Scientist sounds the alarm: Humans must save insects
The Earth faces a mass insect extinction that would likely take us down with them if we don’t do something about it, according to a Norwegian scientist who is sounding the alarm.
We may not know it, but insects determine much of our daily lives. They are responsible for pollinating plants that produce a lot of our food supplies, produce flowers that give our world beauty and produce the very air we breathe.
They also serve as a valuable food source, not just for humans, but for animals all around the globe in every ecosystem.
Just like trees, we need insects to live. We may not like them in our homes, but those creepy crawlers are a vital part of our everyday lives.
The problem is that insect populations are falling dramatically, and human activity is a major reason why. And that’s why Norwegian University of Life Sciences professor Anne Sverdrup-Thygeson is warning us that we must step up to save them while we have a chance.
“Insects are the glue in nature and there is no doubt that both the [numbers] and diversity of insects are declining,” she said. “At some stage the whole fabric unravels and then we will really see the consequences. Global data suggests that while we humans have doubled our population in the past 40 years, the number of insects has been reduced by almost half – these are dramatic figures.”
In fact, the situation is so dire that nearly every report on the subject agrees that insects face extinction.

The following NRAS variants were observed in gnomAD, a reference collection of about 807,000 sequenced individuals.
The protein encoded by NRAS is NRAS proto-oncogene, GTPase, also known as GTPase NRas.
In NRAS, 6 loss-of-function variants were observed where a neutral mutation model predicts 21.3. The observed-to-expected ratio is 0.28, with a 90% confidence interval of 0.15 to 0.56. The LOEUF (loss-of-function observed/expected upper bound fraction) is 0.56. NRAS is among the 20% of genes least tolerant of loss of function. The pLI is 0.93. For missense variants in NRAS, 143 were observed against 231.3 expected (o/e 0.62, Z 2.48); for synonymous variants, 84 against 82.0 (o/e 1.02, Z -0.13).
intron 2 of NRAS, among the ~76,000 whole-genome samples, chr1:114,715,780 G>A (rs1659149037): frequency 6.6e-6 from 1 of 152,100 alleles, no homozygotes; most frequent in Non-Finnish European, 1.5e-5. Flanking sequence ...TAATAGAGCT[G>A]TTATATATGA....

“There are lots of details to fill in, but I have read pretty much every study in English and I haven’t seen a single one where entomologists don’t believe the main message that a lot of insect species are definitely declining,” Sverdrup-Thygeson continued.
While destruction of habitat for farming is a primary cause, Sverdrup-Thygeson says other factors have combined to create a deadly reality for insects.
“When you throw all the pesticides and climate change on top of that, it is not very cool to be an insect today,” she said before explaining why humans should care.
“I can understand people might not be interested in saving insects for insects’ sake. But people should realize this will come back on ourselves. We should save insects, if not for their sake, then for our own sake, because it will make it even more difficult than today to get enough food for the human population of the planet, to get good health and freshwater for everybody. That should be a huge motivation for doing something while we still have time.”
“Without them, there would be much less chocolate for sure and maybe none,” she concluded. “You can pull out some threads but at some stage the whole fabric unravels and then we will really see the consequences. Then it will not be fun to be a human on this planet either.”
Insects play a major role in the food chain and provide many services for humans. They pollinate our gardens, provide food for other animals and clean up dead and decomposing plants and animals. They’re a key part in the circle of life and we won’t get along very well without them. As one million species face extinction around the world, we can’t afford to overlook the smallest creatures among us. They may be small, but their impact on us and the entire planet is huge.
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